Home > examples > low_rank_matrix_completion.m

low_rank_matrix_completion

PURPOSE ^

Given partial observation of a low rank matrix, attempts to complete it.

SYNOPSIS ^

function low_rank_matrix_completion()

DESCRIPTION ^

 Given partial observation of a low rank matrix, attempts to complete it.

 function low_rank_matrix_completion()

 This example demonstrates how to use the geometry factory for the
 embedded submanifold of fixed-rank matrices, fixedrankembeddedfactory.
 This geometry is described in the paper
 "Low-rank matrix completion by Riemannian optimization"
 Bart Vandereycken - SIAM Journal on Optimization, 2013.

 This can be a starting point for many optimization problems of the form:

 minimize f(X) such that rank(X) = k, size(X) = [m, n].

 Note that the code is long because it showcases quite a few features of
 Manopt: most of the code is optional.

 Input:  None. This example file generates random data.
 
 Output: None.

CROSS-REFERENCE INFORMATION ^

This function calls: This function is called by:

SUBFUNCTIONS ^

SOURCE CODE ^

0001 function low_rank_matrix_completion()
0002 % Given partial observation of a low rank matrix, attempts to complete it.
0003 %
0004 % function low_rank_matrix_completion()
0005 %
0006 % This example demonstrates how to use the geometry factory for the
0007 % embedded submanifold of fixed-rank matrices, fixedrankembeddedfactory.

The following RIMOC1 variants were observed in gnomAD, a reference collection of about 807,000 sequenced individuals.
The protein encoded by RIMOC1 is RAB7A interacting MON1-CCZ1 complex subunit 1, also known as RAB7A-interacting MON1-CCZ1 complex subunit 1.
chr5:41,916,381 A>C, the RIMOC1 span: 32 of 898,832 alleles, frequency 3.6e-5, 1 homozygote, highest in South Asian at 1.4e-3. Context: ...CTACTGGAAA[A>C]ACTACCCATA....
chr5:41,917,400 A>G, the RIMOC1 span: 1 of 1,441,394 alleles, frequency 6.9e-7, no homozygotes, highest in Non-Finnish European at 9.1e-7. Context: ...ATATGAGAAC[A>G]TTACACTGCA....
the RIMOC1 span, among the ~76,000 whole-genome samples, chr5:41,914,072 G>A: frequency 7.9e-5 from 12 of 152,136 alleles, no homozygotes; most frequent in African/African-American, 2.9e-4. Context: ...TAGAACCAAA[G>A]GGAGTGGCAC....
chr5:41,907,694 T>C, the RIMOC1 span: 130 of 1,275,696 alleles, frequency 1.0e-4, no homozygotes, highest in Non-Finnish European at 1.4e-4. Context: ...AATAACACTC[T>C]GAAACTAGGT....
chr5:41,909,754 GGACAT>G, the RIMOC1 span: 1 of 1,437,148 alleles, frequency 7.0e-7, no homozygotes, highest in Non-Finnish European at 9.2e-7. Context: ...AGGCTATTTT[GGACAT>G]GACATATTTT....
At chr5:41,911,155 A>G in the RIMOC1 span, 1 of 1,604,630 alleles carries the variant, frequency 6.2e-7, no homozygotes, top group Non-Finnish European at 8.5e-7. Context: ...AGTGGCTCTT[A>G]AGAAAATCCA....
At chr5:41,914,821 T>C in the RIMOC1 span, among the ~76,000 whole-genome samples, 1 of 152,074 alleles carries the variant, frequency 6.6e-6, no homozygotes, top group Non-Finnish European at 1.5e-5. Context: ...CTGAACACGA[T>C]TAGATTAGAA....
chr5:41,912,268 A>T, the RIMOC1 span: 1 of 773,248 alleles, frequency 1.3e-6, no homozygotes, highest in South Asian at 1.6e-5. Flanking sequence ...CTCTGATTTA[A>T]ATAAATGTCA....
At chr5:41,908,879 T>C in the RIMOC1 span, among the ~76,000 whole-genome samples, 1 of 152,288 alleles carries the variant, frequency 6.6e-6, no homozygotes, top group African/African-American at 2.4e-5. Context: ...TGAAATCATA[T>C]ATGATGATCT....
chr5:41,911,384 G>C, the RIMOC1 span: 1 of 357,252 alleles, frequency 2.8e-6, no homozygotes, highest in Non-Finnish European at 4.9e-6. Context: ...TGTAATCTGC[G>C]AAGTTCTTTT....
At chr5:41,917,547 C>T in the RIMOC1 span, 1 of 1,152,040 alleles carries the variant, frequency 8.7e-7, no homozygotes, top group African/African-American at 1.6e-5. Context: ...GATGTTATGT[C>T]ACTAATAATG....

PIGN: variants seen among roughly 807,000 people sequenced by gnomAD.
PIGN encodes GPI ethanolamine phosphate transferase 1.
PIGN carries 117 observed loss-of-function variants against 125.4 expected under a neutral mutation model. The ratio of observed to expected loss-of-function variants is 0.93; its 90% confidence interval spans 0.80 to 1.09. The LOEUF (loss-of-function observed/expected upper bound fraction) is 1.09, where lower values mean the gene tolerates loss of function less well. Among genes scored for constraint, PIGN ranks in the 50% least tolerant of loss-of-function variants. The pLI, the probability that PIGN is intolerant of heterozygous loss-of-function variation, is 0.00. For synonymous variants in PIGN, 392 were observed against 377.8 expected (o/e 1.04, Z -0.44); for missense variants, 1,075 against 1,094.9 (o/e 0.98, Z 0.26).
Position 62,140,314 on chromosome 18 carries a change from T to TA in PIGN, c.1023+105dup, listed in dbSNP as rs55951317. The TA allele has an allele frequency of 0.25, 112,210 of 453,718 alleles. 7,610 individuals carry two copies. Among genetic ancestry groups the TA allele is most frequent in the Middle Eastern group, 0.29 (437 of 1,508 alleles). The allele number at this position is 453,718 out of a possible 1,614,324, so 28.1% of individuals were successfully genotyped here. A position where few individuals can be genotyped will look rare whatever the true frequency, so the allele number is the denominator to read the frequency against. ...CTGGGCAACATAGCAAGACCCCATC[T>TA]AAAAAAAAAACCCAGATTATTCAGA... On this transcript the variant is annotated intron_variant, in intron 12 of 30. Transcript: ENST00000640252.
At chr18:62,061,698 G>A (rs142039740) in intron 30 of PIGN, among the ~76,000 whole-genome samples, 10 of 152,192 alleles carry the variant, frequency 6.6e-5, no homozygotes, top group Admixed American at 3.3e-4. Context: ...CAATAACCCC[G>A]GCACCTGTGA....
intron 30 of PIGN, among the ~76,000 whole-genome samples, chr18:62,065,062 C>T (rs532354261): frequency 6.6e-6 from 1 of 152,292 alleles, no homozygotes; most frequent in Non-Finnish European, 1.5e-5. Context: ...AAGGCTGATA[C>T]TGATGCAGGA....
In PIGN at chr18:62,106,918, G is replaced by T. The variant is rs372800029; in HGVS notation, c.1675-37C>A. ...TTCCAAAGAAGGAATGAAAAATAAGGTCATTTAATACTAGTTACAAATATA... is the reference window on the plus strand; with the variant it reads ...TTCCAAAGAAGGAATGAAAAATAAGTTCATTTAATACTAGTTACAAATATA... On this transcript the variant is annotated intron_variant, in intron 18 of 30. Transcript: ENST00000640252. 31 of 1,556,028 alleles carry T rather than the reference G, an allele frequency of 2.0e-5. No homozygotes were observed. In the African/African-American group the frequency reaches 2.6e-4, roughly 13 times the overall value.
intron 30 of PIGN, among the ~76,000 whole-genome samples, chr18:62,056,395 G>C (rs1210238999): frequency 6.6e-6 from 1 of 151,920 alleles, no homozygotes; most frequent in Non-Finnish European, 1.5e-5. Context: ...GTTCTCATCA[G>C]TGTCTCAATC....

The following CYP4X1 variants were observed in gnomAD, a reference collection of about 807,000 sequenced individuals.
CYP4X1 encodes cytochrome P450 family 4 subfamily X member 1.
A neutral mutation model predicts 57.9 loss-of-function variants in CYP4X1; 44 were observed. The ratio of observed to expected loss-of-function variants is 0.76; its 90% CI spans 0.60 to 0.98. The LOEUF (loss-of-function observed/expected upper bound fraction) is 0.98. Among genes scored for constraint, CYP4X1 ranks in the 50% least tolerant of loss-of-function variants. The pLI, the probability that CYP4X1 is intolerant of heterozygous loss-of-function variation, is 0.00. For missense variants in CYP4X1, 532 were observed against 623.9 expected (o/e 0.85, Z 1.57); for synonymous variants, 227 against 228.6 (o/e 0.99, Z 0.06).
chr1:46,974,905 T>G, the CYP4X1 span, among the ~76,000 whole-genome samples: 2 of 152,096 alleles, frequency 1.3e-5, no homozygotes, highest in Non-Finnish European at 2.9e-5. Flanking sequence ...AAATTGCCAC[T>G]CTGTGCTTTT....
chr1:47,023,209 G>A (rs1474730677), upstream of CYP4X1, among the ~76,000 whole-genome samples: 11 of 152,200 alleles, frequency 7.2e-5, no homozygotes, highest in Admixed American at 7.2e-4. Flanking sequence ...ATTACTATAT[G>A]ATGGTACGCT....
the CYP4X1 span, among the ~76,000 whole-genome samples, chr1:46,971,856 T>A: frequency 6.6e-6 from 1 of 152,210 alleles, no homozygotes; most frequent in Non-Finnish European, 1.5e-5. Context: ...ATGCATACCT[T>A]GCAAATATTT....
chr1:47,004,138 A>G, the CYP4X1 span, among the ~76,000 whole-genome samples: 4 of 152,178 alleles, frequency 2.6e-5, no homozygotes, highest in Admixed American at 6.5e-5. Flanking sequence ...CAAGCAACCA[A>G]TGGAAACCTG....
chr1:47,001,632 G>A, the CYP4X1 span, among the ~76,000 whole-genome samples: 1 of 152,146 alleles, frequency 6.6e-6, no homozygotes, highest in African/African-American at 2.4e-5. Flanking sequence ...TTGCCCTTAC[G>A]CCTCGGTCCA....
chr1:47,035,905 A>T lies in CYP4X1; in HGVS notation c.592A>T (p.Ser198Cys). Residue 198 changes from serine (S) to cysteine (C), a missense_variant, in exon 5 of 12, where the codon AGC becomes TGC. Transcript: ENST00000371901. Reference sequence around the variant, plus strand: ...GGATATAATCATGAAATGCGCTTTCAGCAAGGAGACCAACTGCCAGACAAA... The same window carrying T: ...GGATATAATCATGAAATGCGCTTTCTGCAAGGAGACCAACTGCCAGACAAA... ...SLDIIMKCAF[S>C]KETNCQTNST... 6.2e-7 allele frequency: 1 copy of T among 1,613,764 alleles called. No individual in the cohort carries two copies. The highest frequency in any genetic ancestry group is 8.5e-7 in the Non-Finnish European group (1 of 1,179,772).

0008 % This geometry is described in the paper
0009 % "Low-rank matrix completion by Riemannian optimization"
0010 % Bart Vandereycken - SIAM Journal on Optimization, 2013.
0011 %
0012 % This can be a starting point for many optimization problems of the form:
0013 %
0014 % minimize f(X) such that rank(X) = k, size(X) = [m, n].
0015 %
0016 % Note that the code is long because it showcases quite a few features of
0017 % Manopt: most of the code is optional.
0018 %
0019 % Input:  None. This example file generates random data.
0020 %
0021 % Output: None.
0022 
0023 % This file is part of Manopt and is copyrighted. See the license file.
0024 %
0025 % Main author: Nicolas Boumal, July 15, 2014
0026 % Contributors: Bart Vandereycken
0027 %
0028 % Change log:
0029 %
0030 %    Xiaowen Jiang Aug. 20, 2021
0031 %       Added AD to compute the egrad and the ehess
0032     
0033     % Random data generation. First, choose the size of the problem.
0034     % We will complete a matrix of size mxn of rank k.
0035     m = 200;